In what can hardly be called news, the Texas Department of Transportation has revealed that 44 of the State’s most congested roadways are in – of all places – Houston.  Even less surprising is that the stretch of the I-610 West Loop between I-69 and I-10 is the worst.  Red thanks TxDOT for this valuable information, but is still wondering why nothing was done to relieve congestion when that part of the West Loop was rebuilt about a decade ago. Yes that entire stretch was rebuilt and not a single land was added – with the exception of additional entrance/exit ramps crossing the I-69 interchange.   KHOU reports

 The annual hours of delay per mile along that one stretch is more than 1.1 million hours.

We  asked TxDOT, specifically, about what it’s doing to improve the worst stretch. For starters, connectors at 610 and the Southwest Freeway are being modified. And it plans to build elevated express lanes over the existing loop in the years to come.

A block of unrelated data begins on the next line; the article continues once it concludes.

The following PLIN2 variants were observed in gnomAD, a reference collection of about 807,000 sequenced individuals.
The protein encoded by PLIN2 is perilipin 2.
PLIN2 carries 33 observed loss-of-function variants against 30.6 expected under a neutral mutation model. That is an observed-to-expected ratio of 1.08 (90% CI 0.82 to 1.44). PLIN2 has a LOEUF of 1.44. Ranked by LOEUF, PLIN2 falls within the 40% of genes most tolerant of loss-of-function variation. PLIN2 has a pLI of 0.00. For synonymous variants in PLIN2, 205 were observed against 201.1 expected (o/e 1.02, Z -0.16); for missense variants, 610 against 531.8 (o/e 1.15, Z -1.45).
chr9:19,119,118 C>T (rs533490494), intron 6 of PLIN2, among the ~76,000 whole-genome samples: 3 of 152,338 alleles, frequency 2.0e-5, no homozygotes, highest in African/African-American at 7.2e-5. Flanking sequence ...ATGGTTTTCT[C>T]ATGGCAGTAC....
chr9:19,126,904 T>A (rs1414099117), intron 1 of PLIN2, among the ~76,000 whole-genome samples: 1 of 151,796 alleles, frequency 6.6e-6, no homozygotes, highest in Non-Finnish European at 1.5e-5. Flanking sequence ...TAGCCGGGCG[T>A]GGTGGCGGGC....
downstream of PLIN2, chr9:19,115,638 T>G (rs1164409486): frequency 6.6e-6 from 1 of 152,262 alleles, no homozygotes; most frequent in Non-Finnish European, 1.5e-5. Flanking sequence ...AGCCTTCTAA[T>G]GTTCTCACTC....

Who to Vote Against in 2018

Every  Republican Congressman from Texas – with one exception – voted for the abomination that is the Affordable Healthcare Act (aka Trumpcare) – and then celebrated with a beer afterwards.  They voted for a bill that they had not read, that didn’t have a score from the CBO and that was rammed through without any support from the Democrats and then were positively giddy.  Gee, that sounds familiar.  Who has been complaining about the similar passage of the ACA (aka Obamacare) for the last 7 years?  Oh yeah, the Republicans.  Except the ACA had a CBO score so we actually had a pretty good idea of what it what cost and what its effects would be.